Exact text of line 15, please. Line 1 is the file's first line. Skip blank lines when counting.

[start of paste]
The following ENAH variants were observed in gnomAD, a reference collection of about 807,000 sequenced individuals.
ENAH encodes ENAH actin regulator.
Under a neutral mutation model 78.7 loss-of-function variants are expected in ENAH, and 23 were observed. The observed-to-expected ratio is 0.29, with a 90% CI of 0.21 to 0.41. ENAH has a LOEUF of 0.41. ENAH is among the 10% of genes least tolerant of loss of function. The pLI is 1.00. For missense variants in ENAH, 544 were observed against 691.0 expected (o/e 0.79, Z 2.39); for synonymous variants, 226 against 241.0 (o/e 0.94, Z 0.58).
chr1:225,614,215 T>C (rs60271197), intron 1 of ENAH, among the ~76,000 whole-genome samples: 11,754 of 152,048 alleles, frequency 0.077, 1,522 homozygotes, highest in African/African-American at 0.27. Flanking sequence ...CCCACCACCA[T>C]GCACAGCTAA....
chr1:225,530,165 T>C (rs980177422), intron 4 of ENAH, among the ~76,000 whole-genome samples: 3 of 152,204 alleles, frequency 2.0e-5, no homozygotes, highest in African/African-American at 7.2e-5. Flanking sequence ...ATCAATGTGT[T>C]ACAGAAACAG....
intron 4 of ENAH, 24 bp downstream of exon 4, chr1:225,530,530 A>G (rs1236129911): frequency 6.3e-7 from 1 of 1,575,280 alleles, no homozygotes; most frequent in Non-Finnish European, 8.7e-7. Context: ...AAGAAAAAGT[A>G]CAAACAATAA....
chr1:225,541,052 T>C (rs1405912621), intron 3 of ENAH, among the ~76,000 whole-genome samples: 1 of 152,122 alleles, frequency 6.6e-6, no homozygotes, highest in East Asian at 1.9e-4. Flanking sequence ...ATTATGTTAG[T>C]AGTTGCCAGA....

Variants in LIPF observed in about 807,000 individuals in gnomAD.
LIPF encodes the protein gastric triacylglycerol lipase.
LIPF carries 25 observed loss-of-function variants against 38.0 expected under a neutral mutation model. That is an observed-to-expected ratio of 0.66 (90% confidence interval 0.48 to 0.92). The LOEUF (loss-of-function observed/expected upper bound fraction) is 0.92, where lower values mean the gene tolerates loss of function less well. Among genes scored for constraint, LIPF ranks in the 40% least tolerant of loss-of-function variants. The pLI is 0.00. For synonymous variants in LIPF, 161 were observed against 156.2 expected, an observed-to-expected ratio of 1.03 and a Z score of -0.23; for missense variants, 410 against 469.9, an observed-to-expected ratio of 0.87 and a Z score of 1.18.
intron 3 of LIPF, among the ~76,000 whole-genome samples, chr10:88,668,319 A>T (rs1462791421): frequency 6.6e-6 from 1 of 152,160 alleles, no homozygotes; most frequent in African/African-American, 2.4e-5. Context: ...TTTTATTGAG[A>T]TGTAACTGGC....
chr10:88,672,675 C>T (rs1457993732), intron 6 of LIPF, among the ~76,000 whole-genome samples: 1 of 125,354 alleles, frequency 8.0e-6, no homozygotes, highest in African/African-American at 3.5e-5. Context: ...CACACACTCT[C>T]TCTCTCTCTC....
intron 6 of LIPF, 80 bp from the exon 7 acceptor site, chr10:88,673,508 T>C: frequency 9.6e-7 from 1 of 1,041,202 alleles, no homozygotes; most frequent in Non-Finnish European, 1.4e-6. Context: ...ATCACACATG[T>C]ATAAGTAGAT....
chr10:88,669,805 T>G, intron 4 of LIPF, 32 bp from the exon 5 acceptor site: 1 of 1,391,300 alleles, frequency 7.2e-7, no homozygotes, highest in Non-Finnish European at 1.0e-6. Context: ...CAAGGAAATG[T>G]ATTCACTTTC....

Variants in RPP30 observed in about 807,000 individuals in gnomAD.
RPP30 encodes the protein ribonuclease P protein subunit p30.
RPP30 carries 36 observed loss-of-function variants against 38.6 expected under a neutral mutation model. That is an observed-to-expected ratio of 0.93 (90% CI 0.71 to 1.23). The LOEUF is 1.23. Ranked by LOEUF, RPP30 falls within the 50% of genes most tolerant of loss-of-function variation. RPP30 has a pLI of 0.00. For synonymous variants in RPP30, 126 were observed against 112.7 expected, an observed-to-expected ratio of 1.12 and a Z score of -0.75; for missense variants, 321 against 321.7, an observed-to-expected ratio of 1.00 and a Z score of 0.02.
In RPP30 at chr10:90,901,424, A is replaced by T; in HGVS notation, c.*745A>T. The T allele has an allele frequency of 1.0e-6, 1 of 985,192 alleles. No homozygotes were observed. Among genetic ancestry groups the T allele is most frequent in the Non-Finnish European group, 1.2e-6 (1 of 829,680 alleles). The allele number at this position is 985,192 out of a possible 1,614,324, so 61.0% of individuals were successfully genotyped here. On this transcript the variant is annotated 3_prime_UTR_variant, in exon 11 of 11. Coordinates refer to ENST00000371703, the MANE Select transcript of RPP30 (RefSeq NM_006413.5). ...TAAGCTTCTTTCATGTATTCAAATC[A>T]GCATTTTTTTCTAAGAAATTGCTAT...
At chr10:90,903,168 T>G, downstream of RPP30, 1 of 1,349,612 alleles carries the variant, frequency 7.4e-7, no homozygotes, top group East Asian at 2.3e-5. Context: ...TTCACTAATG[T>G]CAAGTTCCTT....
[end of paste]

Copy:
Variants in RPP30 observed in about 807,000 individuals in gnomAD.